From a British perspective, the year's concluding Grand Slam championships at Flushing Meadows is notable for Andy Murray's debut in a major tournament outside Wimbledon.
The 18-year-old Scot is in the company of Tim Henman and Greg Rusedski, two over-30s who, a week tomorrow, will share another birthday. It may not be long before Murray finds himself all but isolated with the British flag.
Ideally, Murray would like to be given time for his talent and physique to mature without being overburdened by expectation. But that is not always possible at the highest level of an individual sport.
"I've grown up reading everything about Tim Henman," Murray said. "I am still in shock that he comes across as a failure because of what he's done and what he's achieved as a tennis player. And when I'm just starting out as an 18-year-old, why is there so much pressure on somebody my age to do so well? It would be better if everybody just calmed down."
That is easier said than done, because a year on from winning the US Open junior title Murray is preparing for his opening match as the youngest British male ever to play in the main draw. His opponent, Andrei Pavel, a 31-year-old Romanian, last entered British consciousness when he was defeated by Henman in the final of the 2003 Paris Masters.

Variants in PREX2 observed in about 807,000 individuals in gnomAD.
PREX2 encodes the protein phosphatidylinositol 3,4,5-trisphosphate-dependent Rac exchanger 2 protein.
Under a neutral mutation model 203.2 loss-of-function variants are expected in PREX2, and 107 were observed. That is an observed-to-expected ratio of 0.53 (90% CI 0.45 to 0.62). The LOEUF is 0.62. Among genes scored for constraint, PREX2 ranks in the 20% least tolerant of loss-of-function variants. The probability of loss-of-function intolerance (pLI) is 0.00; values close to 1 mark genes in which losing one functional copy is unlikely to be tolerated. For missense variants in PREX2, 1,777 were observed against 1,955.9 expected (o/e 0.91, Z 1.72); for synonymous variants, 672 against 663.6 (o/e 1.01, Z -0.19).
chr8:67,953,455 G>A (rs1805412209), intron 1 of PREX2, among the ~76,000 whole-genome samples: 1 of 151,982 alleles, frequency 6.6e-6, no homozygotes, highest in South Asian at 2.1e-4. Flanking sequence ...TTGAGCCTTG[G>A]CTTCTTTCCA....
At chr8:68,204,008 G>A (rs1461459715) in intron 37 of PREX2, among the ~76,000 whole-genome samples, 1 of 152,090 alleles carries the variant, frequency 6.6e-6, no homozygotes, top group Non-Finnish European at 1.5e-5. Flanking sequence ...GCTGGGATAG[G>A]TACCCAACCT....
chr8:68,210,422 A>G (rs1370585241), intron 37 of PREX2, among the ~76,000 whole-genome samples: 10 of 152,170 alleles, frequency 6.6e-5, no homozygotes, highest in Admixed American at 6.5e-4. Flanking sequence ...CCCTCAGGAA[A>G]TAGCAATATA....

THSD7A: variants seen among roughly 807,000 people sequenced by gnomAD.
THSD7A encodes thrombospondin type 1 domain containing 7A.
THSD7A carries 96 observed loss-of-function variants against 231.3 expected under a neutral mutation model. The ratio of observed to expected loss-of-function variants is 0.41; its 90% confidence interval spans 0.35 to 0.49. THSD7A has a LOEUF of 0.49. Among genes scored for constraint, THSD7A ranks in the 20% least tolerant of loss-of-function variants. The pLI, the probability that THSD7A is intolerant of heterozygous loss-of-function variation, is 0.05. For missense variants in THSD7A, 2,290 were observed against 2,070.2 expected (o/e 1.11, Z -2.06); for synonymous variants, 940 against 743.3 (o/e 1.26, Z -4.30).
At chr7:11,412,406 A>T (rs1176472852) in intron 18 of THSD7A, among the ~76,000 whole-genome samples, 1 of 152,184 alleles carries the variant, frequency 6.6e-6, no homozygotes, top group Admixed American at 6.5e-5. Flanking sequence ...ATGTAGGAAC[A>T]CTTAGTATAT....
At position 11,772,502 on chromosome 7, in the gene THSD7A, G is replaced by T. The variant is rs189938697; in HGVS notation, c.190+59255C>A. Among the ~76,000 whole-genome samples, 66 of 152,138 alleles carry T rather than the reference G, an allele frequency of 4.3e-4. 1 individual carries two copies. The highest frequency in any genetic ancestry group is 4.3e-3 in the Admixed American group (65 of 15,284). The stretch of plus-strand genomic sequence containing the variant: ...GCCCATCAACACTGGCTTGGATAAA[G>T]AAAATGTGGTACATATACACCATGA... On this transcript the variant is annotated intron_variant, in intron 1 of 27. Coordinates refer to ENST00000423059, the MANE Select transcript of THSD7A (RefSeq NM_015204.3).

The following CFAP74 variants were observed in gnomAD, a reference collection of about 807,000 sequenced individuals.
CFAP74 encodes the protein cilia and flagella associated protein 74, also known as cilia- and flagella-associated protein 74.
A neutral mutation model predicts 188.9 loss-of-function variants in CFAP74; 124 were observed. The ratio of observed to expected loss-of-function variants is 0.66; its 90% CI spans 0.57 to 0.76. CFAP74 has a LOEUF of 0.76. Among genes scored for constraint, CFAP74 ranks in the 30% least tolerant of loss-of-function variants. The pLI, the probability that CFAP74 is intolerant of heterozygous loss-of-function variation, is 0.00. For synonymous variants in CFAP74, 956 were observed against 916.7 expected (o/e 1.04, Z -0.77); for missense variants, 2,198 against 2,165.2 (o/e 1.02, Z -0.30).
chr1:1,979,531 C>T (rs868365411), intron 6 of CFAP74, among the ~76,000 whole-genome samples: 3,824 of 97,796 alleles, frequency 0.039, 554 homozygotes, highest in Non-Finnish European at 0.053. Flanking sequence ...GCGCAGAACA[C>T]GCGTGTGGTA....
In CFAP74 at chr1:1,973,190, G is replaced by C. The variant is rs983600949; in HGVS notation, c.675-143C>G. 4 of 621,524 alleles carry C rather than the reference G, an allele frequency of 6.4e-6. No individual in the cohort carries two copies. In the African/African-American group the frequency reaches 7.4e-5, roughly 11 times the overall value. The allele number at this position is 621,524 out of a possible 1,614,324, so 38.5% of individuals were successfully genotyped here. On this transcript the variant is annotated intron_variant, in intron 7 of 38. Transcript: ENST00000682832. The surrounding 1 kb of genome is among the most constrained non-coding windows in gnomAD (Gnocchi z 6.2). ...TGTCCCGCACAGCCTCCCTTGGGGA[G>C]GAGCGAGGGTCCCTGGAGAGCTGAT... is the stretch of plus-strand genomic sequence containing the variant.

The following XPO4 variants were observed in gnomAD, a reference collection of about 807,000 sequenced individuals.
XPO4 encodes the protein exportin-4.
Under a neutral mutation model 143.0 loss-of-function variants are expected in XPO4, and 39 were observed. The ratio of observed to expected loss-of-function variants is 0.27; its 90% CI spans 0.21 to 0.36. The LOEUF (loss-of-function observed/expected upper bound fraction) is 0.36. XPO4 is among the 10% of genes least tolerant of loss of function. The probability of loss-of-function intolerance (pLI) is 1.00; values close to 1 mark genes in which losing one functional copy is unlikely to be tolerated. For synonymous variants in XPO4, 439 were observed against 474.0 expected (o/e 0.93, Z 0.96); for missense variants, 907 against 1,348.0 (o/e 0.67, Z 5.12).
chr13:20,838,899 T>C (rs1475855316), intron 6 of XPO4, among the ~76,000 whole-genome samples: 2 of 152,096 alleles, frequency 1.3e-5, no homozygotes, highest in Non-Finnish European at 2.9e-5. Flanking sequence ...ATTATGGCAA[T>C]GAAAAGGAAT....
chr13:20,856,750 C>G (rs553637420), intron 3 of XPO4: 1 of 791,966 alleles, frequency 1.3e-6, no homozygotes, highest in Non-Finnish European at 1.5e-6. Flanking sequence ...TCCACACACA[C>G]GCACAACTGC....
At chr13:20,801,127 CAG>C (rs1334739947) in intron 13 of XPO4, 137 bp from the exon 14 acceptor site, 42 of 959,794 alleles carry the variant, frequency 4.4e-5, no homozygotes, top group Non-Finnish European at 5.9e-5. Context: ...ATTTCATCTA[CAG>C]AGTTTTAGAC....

Whatever befalls Murray during the next two weeks, he deserves great credit for getting here the hard way, by winning three qualifying matches in three days last week. Though somewhat miffed with the All England Club for not pressing his claims for a wild card more robustly, Murray acknowledged that qualifying here was his most pleasing performance since reaching the third round at Wimbledon, where he was given a wild card.
"I think qualifying for the US Open as an 18-year-old is a pretty big deal," the Scot said. "I don't think many guys can say that they've done that. I'm getting closer to the top 100, which was my goal at the start of the year. I know everybody thought I was stupid when I said it, but I still think I'm going to do it."
The wild card Murray coveted went to the Australian Mark Philippoussis, a US Open finalist in 1998, whose compatriot, the third-seeded Lleyton Hewitt, said: "In the big picture, I think it's a good thing [for Murray]. He obviously had a lot of hype going into Wimbledon after his Queen's effort, and I think it's a good thing to go back to basics a little bit and win three tough qualifying matches."
Hewitt, a former world No 1 with US Open and Wimbledon titles to his name, added: "From what I saw at Queen's and Wimbledon, he handled the situation pretty well. Obviously there was a small question mark about the physical side, only because in the two matches that he did lose [in London] it was more due to physical exertion than the actual tactical or technique side of tennis.
"He looks like he hits the ball well; he changes pace well; he moves well for a bigger guy. He's got a lot of things going the right way."
In the women's tournament, Sharapova is the top seed despite losing the world No 1 ranking to the American Lindsay Davenport - the No 2 seed - today after only a week at the top.Reuse content